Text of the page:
Water companies are at the centre of a major investigation by the financial and environmental watchdogs after they admitted they may have illegally released untreated sewage into rivers and waterways.

The Environment Agency and Ofwat investigation will involve more than 2,000 sewage treatment works, with any company caught breaching their legal permits facing enforcement action, including fines or prosecutions.

Fines can be up to 10 per cent of annual turnover for civil cases, or unlimited in criminal proceedings.

The EA asked water companies to fit new monitors at sewage treatment works to make sure the right levels of wastewater are being treated before overflows are allowed to enter the environment.

Following this, several water companies have now revealed that many of their sewage treatment works may not be compliant, they said.

Emma Howard Boyd, chair of the Environment Agency, said: “Any water companies in breach of their permits are acting illegally. This is a major issue of public trust. Water company boards must certify every year that they have adequate resources to fulfil their regulated activities.

"Only now, just before new monitors are installed, have companies reported concerns over potential problems."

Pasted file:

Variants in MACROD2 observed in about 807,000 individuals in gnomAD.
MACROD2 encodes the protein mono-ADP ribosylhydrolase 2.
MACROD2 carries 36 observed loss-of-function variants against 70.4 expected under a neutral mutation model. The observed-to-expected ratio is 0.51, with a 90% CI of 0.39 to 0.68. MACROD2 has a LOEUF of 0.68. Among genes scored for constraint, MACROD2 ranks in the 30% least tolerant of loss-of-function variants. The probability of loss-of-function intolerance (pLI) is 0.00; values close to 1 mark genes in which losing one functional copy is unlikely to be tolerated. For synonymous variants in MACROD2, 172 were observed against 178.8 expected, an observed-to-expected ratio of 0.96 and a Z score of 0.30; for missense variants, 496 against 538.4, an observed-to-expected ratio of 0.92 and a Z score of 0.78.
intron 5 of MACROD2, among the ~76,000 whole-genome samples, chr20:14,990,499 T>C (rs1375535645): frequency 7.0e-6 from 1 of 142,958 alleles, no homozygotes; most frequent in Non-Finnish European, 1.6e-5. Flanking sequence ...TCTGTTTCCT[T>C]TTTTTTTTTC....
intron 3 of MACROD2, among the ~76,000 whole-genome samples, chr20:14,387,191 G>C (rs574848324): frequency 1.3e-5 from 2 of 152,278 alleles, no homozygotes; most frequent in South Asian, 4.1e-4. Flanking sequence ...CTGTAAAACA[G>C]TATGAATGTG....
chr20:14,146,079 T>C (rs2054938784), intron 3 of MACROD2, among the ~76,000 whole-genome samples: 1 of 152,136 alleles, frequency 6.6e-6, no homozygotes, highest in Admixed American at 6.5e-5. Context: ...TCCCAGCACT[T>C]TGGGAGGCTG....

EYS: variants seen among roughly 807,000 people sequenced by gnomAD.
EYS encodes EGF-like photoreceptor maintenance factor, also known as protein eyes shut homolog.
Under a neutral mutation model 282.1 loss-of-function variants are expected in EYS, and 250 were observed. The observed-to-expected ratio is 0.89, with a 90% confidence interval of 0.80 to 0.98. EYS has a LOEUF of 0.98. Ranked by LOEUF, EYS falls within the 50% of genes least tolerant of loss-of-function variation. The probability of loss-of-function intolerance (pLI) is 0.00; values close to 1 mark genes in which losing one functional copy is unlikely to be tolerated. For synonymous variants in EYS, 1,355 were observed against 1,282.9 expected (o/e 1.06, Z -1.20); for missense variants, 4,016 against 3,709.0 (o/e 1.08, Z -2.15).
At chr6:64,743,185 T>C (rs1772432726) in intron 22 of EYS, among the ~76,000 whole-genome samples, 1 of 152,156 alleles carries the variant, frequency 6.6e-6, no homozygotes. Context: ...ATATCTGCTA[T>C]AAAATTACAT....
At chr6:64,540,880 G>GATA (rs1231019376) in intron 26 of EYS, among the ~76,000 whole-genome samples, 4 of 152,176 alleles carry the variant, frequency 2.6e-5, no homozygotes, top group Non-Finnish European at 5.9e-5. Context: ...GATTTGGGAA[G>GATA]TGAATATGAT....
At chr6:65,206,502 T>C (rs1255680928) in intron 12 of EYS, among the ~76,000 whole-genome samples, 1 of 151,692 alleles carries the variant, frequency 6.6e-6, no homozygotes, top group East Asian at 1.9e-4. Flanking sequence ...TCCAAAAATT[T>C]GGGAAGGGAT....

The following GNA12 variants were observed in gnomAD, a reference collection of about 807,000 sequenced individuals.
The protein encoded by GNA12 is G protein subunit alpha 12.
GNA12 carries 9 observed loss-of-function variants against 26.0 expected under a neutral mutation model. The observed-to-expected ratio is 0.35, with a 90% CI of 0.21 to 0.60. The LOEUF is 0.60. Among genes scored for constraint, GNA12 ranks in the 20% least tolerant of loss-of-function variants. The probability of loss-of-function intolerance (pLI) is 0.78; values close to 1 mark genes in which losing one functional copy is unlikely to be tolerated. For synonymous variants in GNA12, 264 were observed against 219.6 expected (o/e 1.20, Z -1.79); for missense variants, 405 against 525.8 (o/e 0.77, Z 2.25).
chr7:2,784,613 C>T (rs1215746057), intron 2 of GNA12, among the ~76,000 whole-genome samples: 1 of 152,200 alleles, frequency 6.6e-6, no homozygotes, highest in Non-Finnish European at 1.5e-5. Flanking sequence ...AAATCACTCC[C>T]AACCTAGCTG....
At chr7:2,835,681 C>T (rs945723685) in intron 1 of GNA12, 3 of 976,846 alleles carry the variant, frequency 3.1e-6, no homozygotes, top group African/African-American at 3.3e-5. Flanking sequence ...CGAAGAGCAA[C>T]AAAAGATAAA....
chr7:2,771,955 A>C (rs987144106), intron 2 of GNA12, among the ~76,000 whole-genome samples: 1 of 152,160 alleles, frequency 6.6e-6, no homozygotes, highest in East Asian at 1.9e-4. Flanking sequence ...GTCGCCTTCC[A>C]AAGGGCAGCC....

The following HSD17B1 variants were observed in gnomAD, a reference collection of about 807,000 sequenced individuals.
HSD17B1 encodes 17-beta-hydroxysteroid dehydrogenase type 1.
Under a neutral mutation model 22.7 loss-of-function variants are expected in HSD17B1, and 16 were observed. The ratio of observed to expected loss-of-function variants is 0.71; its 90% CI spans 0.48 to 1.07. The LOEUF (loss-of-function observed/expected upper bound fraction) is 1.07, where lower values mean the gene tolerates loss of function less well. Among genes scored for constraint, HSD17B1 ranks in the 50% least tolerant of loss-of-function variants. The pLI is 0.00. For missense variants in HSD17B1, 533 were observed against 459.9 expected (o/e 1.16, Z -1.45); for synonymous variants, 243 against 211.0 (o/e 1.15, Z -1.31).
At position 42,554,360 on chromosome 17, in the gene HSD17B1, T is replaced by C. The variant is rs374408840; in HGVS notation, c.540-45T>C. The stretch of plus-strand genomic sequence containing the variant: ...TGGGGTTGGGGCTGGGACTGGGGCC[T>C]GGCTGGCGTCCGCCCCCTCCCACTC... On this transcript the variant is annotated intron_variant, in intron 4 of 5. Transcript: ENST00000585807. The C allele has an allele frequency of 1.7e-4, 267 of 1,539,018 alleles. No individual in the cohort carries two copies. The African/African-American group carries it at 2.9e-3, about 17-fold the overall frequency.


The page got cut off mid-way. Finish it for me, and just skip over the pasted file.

She added: “The private sector is under increasing pressure to demonstrate tangible commitments on protecting the environment. This shows why we need robust and well-funded regulation to provide the public, investors and customers with assurances about what is being delivered on the ground.

"I would like to see the levels of penalties for corporate environmental crime in England go up significantly. More attention should also be paid to the directors of companies that are guilty of repeated, deliberate or reckless breaches of environmental law. Such directors should be struck off and in the most grievous cases given custodial sentences.”

Ashley Smith, Chair of Windrush Against Sewage Pollution, a campaigning group seeking an end to water industry pollution, said the crackdown was welcome "but what it actually amounts to remains to be seen".

He said: "It is interesting to see the Environment Agency shamelessly claiming to have discovered what has already been spectacularly exposed in the media by the analytical work of Windrush Against Sewage Pollution campaigner Professor Peter Hammond.

"Now will we have to watch, unenlightened for a very long time, as an opaquely led agency, which claims to be so under-resourced that it cannot even deal with a tiny fraction of offences, wrestles with something of this magnitude?"

He added: "On Friday Thames Water is set to be sentenced at Aylesbury Crown Court for yet another pollution, this time at Oxford, but it has taken over five years to finalise, even though the company is pleading guilty.

"This lengthy timescale is typical and we would be fascinated to hear how Environment Minister Rebecca Pow rationalises this ridiculous delay as anything but a green light to keep on polluting.

"In the meantime, Oxford Sewage works has been polluting on an epic scale, appears to have been doing so illegally on many occasions and continues to do so unchecked; a common story across the UK."